March 23, 2020
A recent major survey, commissioned by biomedical research funder the Wellcome Trust has taken a closer look at the challenges for information professionals in 2020. It revealed that a large percentage of information professionals are facing “shocking” levels of stress, brought on by their “overwhelming work pressures”.
We work with numerous organisations across diverse industries — supporting discovery in everything from pharmacology to environmental science and intellectual property to agriculture. Despite the differences in the research fields, the information professionals we work with often cite the following challenges as most pressing in their day-to-day working lives:
Challenges for Information Professionals in 2020:
Research doesn’t begin and end with an article search. In any given day, you are unlikely to find yourself working simply as a ‘librarian’. Information professionals frequently need to work as:
- Intermediaries – providing packaged answers and analysis to outside queries;
- Guides – aiding junior team members in searches, and critical evaluation of relevant articles;
- Facilitators – arranging information infrastructure, and assisting database use;
- Educators – providing training in information searching skills; awareness of resource constraints, and ensuring regulation compliance is adhered to
With workloads this expansive, it’s no wonder such high levels of stress have been recorded.
Organisation & Sharing of Data
Since the recent outbreak of COVID-19, those working in the healthcare industry have no doubt seen an increased number of research requests flood their inboxes. Unforeseen world events such as this can disrupt even the most organised of work schedules. COVID-19, and the need for self-isolation in some cases, highlights another issue — the sharing of data. If you are unable to get to your job for an extended period of time, could your colleagues easily access your work? And would your research be organised enough for them to continue it in your absence?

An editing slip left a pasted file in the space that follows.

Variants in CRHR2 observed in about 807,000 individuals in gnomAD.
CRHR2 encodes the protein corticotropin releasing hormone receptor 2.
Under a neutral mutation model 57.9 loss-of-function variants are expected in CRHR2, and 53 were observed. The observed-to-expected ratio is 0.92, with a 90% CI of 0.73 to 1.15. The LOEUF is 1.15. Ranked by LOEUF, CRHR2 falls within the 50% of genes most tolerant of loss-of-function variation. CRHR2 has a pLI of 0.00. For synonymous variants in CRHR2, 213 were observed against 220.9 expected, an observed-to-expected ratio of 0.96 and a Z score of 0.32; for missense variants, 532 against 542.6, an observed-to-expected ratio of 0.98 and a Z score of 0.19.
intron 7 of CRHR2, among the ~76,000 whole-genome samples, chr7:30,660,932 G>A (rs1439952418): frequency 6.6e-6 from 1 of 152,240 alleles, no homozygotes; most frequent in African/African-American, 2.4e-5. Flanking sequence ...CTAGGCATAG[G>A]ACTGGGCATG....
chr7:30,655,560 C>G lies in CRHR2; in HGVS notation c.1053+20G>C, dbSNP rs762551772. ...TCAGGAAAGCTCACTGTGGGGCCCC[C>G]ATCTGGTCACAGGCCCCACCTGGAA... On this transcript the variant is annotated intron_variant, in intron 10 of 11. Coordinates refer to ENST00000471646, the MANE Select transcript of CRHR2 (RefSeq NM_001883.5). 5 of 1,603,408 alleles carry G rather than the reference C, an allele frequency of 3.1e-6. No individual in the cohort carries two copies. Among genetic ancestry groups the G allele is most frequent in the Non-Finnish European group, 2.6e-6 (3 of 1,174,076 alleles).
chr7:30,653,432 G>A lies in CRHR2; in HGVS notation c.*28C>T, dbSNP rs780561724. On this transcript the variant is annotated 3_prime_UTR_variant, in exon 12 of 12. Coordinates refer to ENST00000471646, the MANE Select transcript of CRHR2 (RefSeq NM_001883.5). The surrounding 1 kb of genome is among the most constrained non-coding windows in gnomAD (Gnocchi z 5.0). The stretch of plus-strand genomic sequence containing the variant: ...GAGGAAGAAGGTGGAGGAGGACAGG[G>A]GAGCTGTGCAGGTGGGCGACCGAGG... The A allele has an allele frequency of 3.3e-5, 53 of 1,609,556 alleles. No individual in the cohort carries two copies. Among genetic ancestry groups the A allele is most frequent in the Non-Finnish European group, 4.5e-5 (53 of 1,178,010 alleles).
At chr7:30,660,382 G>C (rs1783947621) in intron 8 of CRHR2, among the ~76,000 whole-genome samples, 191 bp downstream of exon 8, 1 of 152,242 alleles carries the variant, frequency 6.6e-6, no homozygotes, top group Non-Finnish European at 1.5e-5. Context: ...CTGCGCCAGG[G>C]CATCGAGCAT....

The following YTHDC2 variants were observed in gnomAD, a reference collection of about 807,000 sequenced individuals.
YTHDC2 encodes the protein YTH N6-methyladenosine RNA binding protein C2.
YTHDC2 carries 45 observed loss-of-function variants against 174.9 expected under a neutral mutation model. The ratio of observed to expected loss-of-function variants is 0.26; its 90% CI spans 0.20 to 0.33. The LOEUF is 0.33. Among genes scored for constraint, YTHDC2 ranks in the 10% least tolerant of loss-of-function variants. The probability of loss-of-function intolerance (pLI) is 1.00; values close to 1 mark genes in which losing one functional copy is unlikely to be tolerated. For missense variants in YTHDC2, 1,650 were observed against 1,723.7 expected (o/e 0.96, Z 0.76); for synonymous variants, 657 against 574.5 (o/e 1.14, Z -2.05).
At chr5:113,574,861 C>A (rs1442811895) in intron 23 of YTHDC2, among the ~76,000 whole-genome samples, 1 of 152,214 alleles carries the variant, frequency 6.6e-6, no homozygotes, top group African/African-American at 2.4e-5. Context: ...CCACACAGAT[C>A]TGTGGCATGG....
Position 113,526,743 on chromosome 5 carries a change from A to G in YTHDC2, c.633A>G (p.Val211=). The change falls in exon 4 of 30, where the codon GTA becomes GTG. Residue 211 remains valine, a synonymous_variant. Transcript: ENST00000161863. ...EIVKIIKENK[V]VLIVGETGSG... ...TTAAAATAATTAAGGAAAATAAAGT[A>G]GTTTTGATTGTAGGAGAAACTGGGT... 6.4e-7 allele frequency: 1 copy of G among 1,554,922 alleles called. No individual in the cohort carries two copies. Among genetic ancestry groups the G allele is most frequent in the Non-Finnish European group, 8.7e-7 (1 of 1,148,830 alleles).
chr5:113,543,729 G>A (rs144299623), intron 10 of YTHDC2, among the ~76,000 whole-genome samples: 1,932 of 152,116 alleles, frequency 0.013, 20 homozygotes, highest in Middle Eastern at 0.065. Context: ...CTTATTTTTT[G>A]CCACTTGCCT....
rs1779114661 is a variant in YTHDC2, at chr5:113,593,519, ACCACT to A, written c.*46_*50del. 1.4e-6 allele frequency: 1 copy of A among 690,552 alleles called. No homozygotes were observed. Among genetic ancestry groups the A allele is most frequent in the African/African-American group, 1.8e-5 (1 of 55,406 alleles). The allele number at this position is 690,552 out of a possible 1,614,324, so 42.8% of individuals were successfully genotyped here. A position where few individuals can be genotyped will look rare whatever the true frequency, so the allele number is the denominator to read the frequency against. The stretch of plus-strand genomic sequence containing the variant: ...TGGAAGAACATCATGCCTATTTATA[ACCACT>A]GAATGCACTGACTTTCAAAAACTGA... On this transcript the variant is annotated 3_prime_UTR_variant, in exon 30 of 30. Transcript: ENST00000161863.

Proving ROI for Information Professionals
This isn’t an issue unique to information professionals. The security of every job is down to one thing — demonstration of ‘return on investment’. In-depth research analytics are key for gaining insight into the positioning of your research fields, and the identification of important patterns and trends within the sector. Of course, it’s not just your own results you are asked to prove, but the competency levels of every information specialist in your department. Raising levels of self-sufficiency of your researchers is integral to safeguarding your own position.
Dialog launched its core search product in the late Sixties. We’ve spent the last fifty years working with our customers to deliver not just software, but the tools to improve the way they do their research. Self-service alerts are the latest update to our platform — available at no additional cost to existing subscribers — and were developed to tackle the issues we’ve listed today.
Our Dialog®Alerts Manager already makes it easy to manage (and bulk-edit) large volumes of searches in your alert portfolio; whilst providing an audit history of all your activity. Self-service alerts build on this system, providing you with a simple way to share your research with other Dialog® platform users in your organisation. Distribute results in real-time, by building complex search strategies that end-users can easily subscribe to — reducing the number of individual research queries you need to answer and encouraging self-sufficiency from your team members.
Locating relevant alerts is effortless too, thanks to the introduction of custom topic tree organisation. Save your alerts to folders arranged by department, drug or anything else relevant to your organisation; and keep track how many users sign up to your alerts. With so much more insight into the value you’re adding to your end-users’ research, your next ROI report will practically write itself.
Find out more about the new self-service alert functionality and how it can help you address the coming challenges for information professionals in 2020: click here.
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